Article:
This weekend kicked off the second year for the Indigenous Comic Con at the Isleta Resort & Casino, providing an exciting and educational experience for all those in attendance.

As an avid comic-con attendee myself, I was thrilled to see the familiar art booths that lined the rooms filled with both original art and fan art. Paintings, prints and homemade jewelry filled the booths, with the artists often on site to sign their work.

One such notable onsite artists was Arigon Starr, creator of the popular comic series “Super Indian,” featuring a hero of her own making.



Another piece of art that caught my attention was the comic, “Snow by Night Volume 1” by Eric Menge and Brittany Michel. The colors on the cover blend flawlessly and the wonderful shading and art only continues inside the volume, second only to its creative story.

Prints, paintings, comics and jewelry were not the only art to be showcased at the event. Video games were also featured, like a demo version of the new game ,“Mulaka.” The game is showcased on Steam with a potential 2018 release and invites players to “Dive into northern Mexico's breathtaking landscapes with Mulaka, a 3-D action-adventure game based on the rich indigenous culture of the Tarahumara.”

There were also activities like laser tag on Friday and panels like “Cosplay 101 — Pride and Power: Reimagining Indigenous Identity” on Saturday.

Celebrity guests were also in attendance, with booths showcasing talents such as Eugene Brave Rock, known recently for his role in “Wonder Woman.”

While special guests, booths and panels are all part of your normal comic-con experience, I did find myself just as intrigued by unfamiliar additions to the typical comic-con setup.

Near the convention entrance stood a booth featuring the art and community group, Arriba New Mexico, asking event goers what they would protect if they had super-powers, as well as what they would fight against. Three different colored sticks were given for each question, and attendees were able to choose their answers by putting the sticks into cups with issues written on them.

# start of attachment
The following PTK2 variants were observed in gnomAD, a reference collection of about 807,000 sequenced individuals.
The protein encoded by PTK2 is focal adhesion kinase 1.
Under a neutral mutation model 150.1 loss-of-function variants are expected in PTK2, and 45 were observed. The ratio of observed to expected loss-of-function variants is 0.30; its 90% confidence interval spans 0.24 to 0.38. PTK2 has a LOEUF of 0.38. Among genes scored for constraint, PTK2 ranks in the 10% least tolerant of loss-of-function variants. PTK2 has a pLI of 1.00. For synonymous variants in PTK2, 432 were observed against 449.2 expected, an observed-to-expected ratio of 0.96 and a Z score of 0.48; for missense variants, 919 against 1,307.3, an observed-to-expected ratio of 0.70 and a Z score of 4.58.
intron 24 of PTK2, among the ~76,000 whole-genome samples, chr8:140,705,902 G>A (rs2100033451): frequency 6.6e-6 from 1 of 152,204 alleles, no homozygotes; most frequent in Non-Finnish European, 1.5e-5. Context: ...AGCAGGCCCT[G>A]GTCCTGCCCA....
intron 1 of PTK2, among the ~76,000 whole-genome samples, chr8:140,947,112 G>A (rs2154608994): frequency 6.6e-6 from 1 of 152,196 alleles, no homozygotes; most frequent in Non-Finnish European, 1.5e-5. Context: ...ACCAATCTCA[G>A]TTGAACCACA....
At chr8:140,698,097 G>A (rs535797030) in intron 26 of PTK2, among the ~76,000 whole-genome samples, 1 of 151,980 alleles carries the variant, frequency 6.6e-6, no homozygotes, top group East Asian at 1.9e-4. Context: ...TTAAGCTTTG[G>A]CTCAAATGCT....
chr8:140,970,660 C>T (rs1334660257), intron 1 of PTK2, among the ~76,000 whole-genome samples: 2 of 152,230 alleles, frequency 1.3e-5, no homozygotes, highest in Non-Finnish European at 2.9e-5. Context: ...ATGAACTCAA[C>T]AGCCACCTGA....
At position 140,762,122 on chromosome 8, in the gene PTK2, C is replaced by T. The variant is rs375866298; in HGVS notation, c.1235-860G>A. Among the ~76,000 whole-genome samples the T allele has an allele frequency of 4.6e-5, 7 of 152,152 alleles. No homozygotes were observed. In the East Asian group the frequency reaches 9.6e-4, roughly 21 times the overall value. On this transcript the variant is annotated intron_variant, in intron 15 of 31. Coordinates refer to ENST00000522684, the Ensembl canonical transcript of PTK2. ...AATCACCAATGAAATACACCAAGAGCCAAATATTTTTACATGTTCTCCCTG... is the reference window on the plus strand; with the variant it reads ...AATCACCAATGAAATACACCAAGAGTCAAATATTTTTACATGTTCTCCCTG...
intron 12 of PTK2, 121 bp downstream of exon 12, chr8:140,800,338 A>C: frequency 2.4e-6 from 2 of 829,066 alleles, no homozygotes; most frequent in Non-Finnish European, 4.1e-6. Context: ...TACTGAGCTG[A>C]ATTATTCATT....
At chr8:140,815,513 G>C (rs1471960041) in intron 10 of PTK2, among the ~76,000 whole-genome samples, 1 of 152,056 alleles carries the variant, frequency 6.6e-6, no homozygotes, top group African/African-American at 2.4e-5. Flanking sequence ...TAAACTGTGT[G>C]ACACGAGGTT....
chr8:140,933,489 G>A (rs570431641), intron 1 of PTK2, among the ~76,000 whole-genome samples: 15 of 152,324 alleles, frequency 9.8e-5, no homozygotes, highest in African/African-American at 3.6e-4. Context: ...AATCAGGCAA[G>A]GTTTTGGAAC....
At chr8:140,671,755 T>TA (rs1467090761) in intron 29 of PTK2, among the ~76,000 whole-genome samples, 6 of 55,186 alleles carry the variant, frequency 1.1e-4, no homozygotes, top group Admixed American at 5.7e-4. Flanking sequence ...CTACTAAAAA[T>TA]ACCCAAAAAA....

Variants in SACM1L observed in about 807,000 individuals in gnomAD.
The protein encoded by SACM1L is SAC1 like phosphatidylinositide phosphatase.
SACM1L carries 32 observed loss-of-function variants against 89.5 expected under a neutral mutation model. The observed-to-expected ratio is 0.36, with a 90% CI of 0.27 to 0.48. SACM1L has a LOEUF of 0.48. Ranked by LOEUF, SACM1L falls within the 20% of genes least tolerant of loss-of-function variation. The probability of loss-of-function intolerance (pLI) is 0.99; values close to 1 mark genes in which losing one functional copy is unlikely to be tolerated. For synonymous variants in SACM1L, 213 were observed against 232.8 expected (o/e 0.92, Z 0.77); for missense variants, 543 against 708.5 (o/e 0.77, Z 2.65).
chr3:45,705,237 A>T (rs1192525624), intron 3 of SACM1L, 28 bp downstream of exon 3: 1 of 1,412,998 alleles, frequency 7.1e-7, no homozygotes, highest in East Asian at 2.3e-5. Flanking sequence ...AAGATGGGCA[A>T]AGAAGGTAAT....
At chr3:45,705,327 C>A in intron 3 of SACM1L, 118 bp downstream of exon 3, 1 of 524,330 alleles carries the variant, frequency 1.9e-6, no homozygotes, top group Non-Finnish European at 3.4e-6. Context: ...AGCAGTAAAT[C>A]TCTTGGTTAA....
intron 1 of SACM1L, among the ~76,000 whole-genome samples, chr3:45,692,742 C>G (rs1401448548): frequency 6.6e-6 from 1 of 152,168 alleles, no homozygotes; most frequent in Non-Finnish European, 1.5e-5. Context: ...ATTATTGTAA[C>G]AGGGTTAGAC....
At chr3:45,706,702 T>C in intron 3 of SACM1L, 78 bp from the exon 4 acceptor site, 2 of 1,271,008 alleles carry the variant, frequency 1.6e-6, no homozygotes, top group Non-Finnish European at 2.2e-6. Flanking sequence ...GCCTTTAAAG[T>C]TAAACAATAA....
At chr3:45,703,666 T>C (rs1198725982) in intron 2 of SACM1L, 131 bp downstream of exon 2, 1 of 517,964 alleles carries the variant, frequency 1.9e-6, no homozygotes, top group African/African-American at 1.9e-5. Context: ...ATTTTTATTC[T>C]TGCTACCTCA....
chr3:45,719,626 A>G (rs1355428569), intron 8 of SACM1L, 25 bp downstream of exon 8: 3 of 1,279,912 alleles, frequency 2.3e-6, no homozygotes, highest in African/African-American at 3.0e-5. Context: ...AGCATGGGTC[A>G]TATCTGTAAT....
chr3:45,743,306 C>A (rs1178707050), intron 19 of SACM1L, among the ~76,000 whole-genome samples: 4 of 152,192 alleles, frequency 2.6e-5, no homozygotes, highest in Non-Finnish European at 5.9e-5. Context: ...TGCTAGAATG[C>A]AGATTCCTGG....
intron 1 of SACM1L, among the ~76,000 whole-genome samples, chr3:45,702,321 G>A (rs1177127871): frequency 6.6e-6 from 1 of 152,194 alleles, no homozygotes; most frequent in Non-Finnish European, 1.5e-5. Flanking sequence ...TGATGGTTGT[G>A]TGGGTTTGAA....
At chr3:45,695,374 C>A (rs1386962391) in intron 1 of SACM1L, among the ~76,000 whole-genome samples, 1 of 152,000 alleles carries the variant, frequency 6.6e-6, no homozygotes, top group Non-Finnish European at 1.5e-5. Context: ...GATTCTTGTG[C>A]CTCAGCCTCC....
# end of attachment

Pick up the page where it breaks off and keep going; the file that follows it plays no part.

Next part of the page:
Certain cups were overflowing, while others were emptier. The activity proved to be insightful, as it brought to light issues that many New Mexicans find important. Some of the choices included LGBTQ rights, racism and immigrants.

Two other very notable additions to this comic-con were a play area for children and affordable food. I had never been to a comic-con that included either before, and it made the experience as a parent much more enjoyable.

The cosplay at the event was highly detailed and beautiful. DC’s Wonder Woman and Marvel’s X-Men member Dani Moonstar were among the more popular costumes, and both the children and adults put a great amount of time and effort into their cosplay.

“Nothing else like this has been done before,” said Indigenous Comic Con Founder Lee Francis in a promotional video. “In terms of bringing all of these worlds of pop culture together for Native people. (There are many) perceptions of Native art needing to be pottery or jewelry, and those are incredibly valuable and viable and this is as well.”

I can only echo his sentiment, as the Indigenous Comic Con proved to be an event that weaved together both the familiar atmosphere you expect to see at a comic-con and the culture the indigenous community contributes to it.

Nichole Harwood is the culture editor at the Daily Lobo. She primarily covers alumni and art features. She can be contacted at culture@dailylobo.com or on Twitter 
@Nolidoli1.